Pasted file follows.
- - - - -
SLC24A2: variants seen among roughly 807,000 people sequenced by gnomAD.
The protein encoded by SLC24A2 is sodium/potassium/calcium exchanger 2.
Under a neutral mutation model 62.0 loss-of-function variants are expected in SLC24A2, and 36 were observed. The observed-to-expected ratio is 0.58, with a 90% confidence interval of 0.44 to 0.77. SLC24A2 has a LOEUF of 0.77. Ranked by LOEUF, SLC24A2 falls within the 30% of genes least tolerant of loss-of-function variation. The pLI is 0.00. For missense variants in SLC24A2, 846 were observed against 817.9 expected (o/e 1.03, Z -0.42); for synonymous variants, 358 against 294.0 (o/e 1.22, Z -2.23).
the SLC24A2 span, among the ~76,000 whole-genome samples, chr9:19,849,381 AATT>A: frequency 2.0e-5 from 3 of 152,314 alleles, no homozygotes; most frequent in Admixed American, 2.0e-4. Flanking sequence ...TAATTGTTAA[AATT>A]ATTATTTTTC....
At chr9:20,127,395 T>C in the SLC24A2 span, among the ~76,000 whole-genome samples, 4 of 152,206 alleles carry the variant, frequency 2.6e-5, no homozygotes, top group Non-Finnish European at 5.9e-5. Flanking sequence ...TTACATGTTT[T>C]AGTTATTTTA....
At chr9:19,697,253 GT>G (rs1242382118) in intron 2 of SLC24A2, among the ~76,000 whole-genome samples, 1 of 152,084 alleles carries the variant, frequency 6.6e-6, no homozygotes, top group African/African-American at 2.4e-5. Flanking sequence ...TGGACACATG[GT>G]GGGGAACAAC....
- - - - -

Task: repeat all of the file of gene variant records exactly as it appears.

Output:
SLC24A2: variants seen among roughly 807,000 people sequenced by gnomAD.
The protein encoded by SLC24A2 is sodium/potassium/calcium exchanger 2.
Under a neutral mutation model 62.0 loss-of-function variants are expected in SLC24A2, and 36 were observed. The observed-to-expected ratio is 0.58, with a 90% confidence interval of 0.44 to 0.77. SLC24A2 has a LOEUF of 0.77. Ranked by LOEUF, SLC24A2 falls within the 30% of genes least tolerant of loss-of-function variation. The pLI is 0.00. For missense variants in SLC24A2, 846 were observed against 817.9 expected (o/e 1.03, Z -0.42); for synonymous variants, 358 against 294.0 (o/e 1.22, Z -2.23).
the SLC24A2 span, among the ~76,000 whole-genome samples, chr9:19,849,381 AATT>A: frequency 2.0e-5 from 3 of 152,314 alleles, no homozygotes; most frequent in Admixed American, 2.0e-4. Flanking sequence ...TAATTGTTAA[AATT>A]ATTATTTTTC....
At chr9:20,127,395 T>C in the SLC24A2 span, among the ~76,000 whole-genome samples, 4 of 152,206 alleles carry the variant, frequency 2.6e-5, no homozygotes, top group Non-Finnish European at 5.9e-5. Flanking sequence ...TTACATGTTT[T>C]AGTTATTTTA....
At chr9:19,697,253 GT>G (rs1242382118) in intron 2 of SLC24A2, among the ~76,000 whole-genome samples, 1 of 152,084 alleles carries the variant, frequency 6.6e-6, no homozygotes, top group African/African-American at 2.4e-5. Flanking sequence ...TGGACACATG[GT>G]GGGGAACAAC....